This is what seems so hard for so many people to grasp, and Mario seems to have at least gotten that far.
Mario eventually heads off to meet up with another friend, and Rachel, Jeannine and I continue.
“I honestly think God is pursuing him. You can see it,” Rachel says. And we agree. “You want to see what’s crazy?” she adds….
She breaks out her small journal. She reads a part of what she wrote earlier, when we were at the YWAM café together. It was a prayer for Mario, that his remaining few days here wouldn’t be in vain, but that he would have a chance to really see God’s love for him and hear about it. It’s interesting that we still find ourselves at times surprised at God’s answers to our prayers…
We stay til past midnight, and head back to the staff house. We both had to get up at a decent hour, but with journal writing and Bible reading I end up again up til 3am….
The next morning, I pack up to leave. Rachel is kind enough to again take my large rucksack on her back since I would be hopeless at balancing it all the way there, and she’s used to it. We unhook our bikes in front of the house for the last time, mourning the fact that our bikes will now be by their lonesome, and will miss each other.
Breakfast is in the café, filled with hostel folk. I eat with Mario, Jeannine, and Bill. Bill is from the States, works in concrete and came to Amsterdam for a week, just to sit in coffeeshops and legally smoke weed. That’s pretty much all he plans on doing, for the entire week. Well, at least he’s honest. And at least he’s staying at The Shelter.
Rachel has a ministry class to go to, and Mario has to clean this morning, so I have to say goodbye to both of them at the hostel. Jeannine is free, and offers to take me to the train station.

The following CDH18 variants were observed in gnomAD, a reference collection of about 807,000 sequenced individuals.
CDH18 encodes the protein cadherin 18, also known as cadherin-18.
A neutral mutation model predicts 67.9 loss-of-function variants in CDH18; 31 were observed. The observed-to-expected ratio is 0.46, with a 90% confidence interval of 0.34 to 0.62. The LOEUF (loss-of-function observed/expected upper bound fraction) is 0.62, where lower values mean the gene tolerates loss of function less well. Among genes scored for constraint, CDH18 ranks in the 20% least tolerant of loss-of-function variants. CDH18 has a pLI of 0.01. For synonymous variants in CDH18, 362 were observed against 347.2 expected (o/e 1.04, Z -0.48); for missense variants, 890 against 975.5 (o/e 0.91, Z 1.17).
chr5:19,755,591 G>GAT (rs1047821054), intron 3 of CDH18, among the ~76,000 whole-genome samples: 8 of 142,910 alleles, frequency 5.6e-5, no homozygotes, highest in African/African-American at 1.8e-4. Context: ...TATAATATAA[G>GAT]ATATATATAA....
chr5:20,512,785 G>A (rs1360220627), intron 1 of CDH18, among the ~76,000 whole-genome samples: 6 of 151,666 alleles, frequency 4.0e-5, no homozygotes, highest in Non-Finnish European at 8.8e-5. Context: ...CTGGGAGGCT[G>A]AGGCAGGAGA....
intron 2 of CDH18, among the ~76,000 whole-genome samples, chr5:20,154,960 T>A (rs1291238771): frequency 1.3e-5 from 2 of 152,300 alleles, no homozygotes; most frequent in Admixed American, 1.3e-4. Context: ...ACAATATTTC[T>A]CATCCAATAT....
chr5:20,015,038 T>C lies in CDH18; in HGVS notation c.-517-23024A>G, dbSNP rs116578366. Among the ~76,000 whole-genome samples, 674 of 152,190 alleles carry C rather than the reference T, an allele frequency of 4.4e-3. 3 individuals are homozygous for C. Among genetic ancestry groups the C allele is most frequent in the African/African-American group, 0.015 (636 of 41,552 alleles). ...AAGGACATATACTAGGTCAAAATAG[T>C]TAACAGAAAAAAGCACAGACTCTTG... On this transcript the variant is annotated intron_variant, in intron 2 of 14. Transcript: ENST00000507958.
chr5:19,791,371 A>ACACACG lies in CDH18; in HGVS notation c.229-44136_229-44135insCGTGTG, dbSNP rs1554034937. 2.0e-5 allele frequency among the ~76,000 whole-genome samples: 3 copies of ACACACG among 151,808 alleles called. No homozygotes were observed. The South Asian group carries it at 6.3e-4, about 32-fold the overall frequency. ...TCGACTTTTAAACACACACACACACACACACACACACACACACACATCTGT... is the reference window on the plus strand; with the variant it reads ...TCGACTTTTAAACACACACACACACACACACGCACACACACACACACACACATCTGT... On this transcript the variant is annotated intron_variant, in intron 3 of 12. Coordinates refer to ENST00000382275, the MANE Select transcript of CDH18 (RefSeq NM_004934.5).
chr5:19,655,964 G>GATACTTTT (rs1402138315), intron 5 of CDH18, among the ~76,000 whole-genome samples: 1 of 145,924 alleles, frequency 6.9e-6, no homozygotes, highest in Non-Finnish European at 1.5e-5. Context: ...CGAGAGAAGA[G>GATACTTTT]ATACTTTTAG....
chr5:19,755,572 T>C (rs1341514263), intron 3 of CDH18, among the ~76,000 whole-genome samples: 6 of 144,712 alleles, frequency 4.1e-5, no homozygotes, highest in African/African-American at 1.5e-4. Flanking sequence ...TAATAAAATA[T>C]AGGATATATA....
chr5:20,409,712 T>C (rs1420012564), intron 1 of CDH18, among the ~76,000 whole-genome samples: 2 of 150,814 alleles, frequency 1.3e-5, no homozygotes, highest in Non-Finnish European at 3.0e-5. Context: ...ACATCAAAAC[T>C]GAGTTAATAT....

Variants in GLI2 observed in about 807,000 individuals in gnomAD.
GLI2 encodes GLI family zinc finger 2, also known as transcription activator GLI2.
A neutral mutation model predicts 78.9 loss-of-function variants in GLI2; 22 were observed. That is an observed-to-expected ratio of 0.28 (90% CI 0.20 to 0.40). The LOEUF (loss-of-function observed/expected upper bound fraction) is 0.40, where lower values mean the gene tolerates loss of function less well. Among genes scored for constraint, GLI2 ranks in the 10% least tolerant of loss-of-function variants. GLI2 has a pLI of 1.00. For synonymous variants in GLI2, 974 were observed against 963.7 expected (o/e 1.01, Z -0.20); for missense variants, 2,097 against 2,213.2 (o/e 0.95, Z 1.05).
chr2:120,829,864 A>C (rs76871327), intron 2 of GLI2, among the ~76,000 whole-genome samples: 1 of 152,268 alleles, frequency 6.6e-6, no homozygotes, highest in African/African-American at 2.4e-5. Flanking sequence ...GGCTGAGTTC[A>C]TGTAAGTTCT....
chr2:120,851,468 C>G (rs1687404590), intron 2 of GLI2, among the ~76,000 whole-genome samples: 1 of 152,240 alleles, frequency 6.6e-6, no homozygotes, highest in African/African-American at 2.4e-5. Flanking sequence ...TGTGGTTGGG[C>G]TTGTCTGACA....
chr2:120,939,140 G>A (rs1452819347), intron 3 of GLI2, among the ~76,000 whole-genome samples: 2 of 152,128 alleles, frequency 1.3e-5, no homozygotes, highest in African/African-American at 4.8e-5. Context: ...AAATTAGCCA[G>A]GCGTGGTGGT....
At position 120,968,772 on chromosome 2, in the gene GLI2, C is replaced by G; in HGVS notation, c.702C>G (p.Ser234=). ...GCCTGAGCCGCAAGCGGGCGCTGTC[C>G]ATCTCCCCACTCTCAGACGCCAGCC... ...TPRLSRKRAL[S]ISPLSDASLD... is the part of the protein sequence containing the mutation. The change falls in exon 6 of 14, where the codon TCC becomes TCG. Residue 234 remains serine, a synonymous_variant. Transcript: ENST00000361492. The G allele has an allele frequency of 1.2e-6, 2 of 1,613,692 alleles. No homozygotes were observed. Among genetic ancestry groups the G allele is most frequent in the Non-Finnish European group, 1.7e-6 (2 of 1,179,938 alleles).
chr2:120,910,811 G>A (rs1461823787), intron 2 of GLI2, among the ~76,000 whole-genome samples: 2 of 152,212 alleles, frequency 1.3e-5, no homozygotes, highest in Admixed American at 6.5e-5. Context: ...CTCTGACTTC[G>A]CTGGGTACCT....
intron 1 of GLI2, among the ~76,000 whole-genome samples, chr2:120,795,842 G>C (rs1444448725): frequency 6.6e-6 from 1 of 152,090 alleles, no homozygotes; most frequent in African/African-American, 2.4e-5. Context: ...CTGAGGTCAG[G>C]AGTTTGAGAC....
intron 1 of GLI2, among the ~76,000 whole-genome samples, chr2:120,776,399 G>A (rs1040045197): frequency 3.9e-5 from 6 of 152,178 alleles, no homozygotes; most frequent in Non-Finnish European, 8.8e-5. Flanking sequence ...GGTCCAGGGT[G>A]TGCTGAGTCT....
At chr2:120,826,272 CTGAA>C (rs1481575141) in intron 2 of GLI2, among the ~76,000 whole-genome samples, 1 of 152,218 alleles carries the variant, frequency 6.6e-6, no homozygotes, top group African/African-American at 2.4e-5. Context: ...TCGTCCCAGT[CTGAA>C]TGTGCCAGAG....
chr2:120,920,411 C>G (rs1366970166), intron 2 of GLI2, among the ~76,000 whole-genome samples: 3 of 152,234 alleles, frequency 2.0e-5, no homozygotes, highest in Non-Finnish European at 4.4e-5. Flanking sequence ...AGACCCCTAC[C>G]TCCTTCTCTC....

On the way up to the platform, I thank her very much for coming to the train station.
“Oh no, my pleasure. I’ve traveled so much, I know its always nice and important to have someone to wave you off at the station.”
We hug goodbye, and my train pulls away to the airport.
And for now, I’ll leave it. The rest is mundane travel and flying details. Except to leave my impressions and feelings of the place…which will come soon. And that will be the last time I’ll speak of the place for a while, I promise. :)
Tracklist: “Fair: by Remy Zero, “Tiny Dancer” by Elton John, “Wrong Man” by Derek Webb, “Galileo” by Indigo Girls, “Place Your Bets” by Jeremy Casella
Ingredients to a good birthday....
1.) Good friends.
2.) Good pizza.
3.) Good movie.
4.) Good whisky.
5.) Good cigars.
6.) Good chat.
Tuesday, November 09, 2004
The Big Two-Three...
Monday, November 08, 2004
I'm going to take a break from my Amsterdam stories (which I know are already over a week late), to talk about Peter.
Peter Capell is a man that I knew from my time on board the Doulos. He was absolutely one of the most passionate men of God I've ever met. He sincerely wanted his every breath to glorify the Lord, and committed his life to the mission field with OM.